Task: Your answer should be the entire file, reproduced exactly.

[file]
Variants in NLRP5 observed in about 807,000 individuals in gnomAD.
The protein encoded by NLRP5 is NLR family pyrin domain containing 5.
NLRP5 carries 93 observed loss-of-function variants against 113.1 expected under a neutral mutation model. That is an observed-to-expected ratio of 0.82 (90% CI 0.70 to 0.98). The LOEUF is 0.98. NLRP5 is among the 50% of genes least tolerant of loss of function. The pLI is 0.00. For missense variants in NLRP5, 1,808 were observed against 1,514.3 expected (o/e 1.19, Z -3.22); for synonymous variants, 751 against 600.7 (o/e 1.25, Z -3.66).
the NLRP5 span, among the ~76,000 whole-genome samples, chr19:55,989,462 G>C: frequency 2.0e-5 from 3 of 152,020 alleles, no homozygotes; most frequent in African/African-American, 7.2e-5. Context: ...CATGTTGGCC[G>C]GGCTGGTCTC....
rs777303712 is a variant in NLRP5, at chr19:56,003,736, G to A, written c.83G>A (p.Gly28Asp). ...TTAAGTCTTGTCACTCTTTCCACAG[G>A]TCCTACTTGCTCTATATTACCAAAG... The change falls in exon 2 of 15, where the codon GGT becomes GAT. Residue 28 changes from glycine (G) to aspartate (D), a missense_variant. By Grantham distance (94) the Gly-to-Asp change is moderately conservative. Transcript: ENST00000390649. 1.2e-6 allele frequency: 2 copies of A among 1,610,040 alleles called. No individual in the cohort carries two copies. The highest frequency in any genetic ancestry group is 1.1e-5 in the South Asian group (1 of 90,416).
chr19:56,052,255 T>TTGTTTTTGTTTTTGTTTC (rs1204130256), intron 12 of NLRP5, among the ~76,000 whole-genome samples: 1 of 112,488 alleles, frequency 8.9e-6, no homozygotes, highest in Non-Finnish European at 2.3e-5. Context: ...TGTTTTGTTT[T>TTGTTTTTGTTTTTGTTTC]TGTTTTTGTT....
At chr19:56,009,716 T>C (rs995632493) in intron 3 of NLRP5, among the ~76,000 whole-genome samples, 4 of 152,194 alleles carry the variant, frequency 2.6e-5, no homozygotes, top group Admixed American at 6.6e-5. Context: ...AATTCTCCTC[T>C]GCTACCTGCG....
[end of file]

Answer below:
Variants in NLRP5 observed in about 807,000 individuals in gnomAD.
The protein encoded by NLRP5 is NLR family pyrin domain containing 5.
NLRP5 carries 93 observed loss-of-function variants against 113.1 expected under a neutral mutation model. That is an observed-to-expected ratio of 0.82 (90% CI 0.70 to 0.98). The LOEUF is 0.98. NLRP5 is among the 50% of genes least tolerant of loss of function. The pLI is 0.00. For missense variants in NLRP5, 1,808 were observed against 1,514.3 expected (o/e 1.19, Z -3.22); for synonymous variants, 751 against 600.7 (o/e 1.25, Z -3.66).
the NLRP5 span, among the ~76,000 whole-genome samples, chr19:55,989,462 G>C: frequency 2.0e-5 from 3 of 152,020 alleles, no homozygotes; most frequent in African/African-American, 7.2e-5. Context: ...CATGTTGGCC[G>C]GGCTGGTCTC....
rs777303712 is a variant in NLRP5, at chr19:56,003,736, G to A, written c.83G>A (p.Gly28Asp). ...TTAAGTCTTGTCACTCTTTCCACAG[G>A]TCCTACTTGCTCTATATTACCAAAG... The change falls in exon 2 of 15, where the codon GGT becomes GAT. Residue 28 changes from glycine (G) to aspartate (D), a missense_variant. By Grantham distance (94) the Gly-to-Asp change is moderately conservative. Transcript: ENST00000390649. 1.2e-6 allele frequency: 2 copies of A among 1,610,040 alleles called. No individual in the cohort carries two copies. The highest frequency in any genetic ancestry group is 1.1e-5 in the South Asian group (1 of 90,416).
chr19:56,052,255 T>TTGTTTTTGTTTTTGTTTC (rs1204130256), intron 12 of NLRP5, among the ~76,000 whole-genome samples: 1 of 112,488 alleles, frequency 8.9e-6, no homozygotes, highest in Non-Finnish European at 2.3e-5. Context: ...TGTTTTGTTT[T>TTGTTTTTGTTTTTGTTTC]TGTTTTTGTT....
At chr19:56,009,716 T>C (rs995632493) in intron 3 of NLRP5, among the ~76,000 whole-genome samples, 4 of 152,194 alleles carry the variant, frequency 2.6e-5, no homozygotes, top group Admixed American at 6.6e-5. Context: ...AATTCTCCTC[T>C]GCTACCTGCG....